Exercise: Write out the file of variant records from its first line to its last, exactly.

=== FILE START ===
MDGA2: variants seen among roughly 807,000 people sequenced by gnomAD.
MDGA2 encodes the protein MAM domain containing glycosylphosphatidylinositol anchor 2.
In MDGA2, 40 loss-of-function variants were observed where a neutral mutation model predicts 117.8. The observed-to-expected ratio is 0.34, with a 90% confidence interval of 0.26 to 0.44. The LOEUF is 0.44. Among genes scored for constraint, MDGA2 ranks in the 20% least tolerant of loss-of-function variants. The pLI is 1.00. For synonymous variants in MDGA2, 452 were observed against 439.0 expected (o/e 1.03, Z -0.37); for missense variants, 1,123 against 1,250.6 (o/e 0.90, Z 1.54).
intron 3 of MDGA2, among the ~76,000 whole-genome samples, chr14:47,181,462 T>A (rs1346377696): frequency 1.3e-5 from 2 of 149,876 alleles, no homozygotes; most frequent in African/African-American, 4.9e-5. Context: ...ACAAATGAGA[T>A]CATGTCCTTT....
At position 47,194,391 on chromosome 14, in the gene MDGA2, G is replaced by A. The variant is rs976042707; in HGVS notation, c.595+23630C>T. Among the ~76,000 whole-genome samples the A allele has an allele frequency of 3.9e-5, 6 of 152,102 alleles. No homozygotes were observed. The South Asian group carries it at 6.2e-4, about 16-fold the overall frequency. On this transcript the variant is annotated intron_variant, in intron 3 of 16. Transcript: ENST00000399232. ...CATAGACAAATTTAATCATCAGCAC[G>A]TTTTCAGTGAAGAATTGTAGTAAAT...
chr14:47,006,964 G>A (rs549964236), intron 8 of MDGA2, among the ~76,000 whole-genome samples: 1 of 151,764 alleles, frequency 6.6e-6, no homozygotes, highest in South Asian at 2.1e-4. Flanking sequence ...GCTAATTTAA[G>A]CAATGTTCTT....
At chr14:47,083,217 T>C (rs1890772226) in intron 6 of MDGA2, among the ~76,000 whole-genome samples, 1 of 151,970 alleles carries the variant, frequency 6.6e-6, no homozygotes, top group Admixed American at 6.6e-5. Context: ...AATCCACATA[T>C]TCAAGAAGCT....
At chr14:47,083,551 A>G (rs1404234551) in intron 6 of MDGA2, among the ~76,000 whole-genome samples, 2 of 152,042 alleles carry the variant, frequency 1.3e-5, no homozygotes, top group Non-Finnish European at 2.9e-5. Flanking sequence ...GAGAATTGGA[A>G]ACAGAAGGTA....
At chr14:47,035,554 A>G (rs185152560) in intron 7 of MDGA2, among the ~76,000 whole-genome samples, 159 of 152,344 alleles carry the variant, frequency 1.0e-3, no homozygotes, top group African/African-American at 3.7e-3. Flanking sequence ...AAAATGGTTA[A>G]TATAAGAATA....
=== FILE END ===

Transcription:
MDGA2: variants seen among roughly 807,000 people sequenced by gnomAD.
MDGA2 encodes the protein MAM domain containing glycosylphosphatidylinositol anchor 2.
In MDGA2, 40 loss-of-function variants were observed where a neutral mutation model predicts 117.8. The observed-to-expected ratio is 0.34, with a 90% confidence interval of 0.26 to 0.44. The LOEUF is 0.44. Among genes scored for constraint, MDGA2 ranks in the 20% least tolerant of loss-of-function variants. The pLI is 1.00. For synonymous variants in MDGA2, 452 were observed against 439.0 expected (o/e 1.03, Z -0.37); for missense variants, 1,123 against 1,250.6 (o/e 0.90, Z 1.54).
intron 3 of MDGA2, among the ~76,000 whole-genome samples, chr14:47,181,462 T>A (rs1346377696): frequency 1.3e-5 from 2 of 149,876 alleles, no homozygotes; most frequent in African/African-American, 4.9e-5. Context: ...ACAAATGAGA[T>A]CATGTCCTTT....
At position 47,194,391 on chromosome 14, in the gene MDGA2, G is replaced by A. The variant is rs976042707; in HGVS notation, c.595+23630C>T. Among the ~76,000 whole-genome samples the A allele has an allele frequency of 3.9e-5, 6 of 152,102 alleles. No homozygotes were observed. The South Asian group carries it at 6.2e-4, about 16-fold the overall frequency. On this transcript the variant is annotated intron_variant, in intron 3 of 16. Transcript: ENST00000399232. ...CATAGACAAATTTAATCATCAGCAC[G>A]TTTTCAGTGAAGAATTGTAGTAAAT...
chr14:47,006,964 G>A (rs549964236), intron 8 of MDGA2, among the ~76,000 whole-genome samples: 1 of 151,764 alleles, frequency 6.6e-6, no homozygotes, highest in South Asian at 2.1e-4. Flanking sequence ...GCTAATTTAA[G>A]CAATGTTCTT....
At chr14:47,083,217 T>C (rs1890772226) in intron 6 of MDGA2, among the ~76,000 whole-genome samples, 1 of 151,970 alleles carries the variant, frequency 6.6e-6, no homozygotes, top group Admixed American at 6.6e-5. Context: ...AATCCACATA[T>C]TCAAGAAGCT....
At chr14:47,083,551 A>G (rs1404234551) in intron 6 of MDGA2, among the ~76,000 whole-genome samples, 2 of 152,042 alleles carry the variant, frequency 1.3e-5, no homozygotes, top group Non-Finnish European at 2.9e-5. Flanking sequence ...GAGAATTGGA[A>G]ACAGAAGGTA....
At chr14:47,035,554 A>G (rs185152560) in intron 7 of MDGA2, among the ~76,000 whole-genome samples, 159 of 152,344 alleles carry the variant, frequency 1.0e-3, no homozygotes, top group African/African-American at 3.7e-3. Flanking sequence ...AAAATGGTTA[A>G]TATAAGAATA....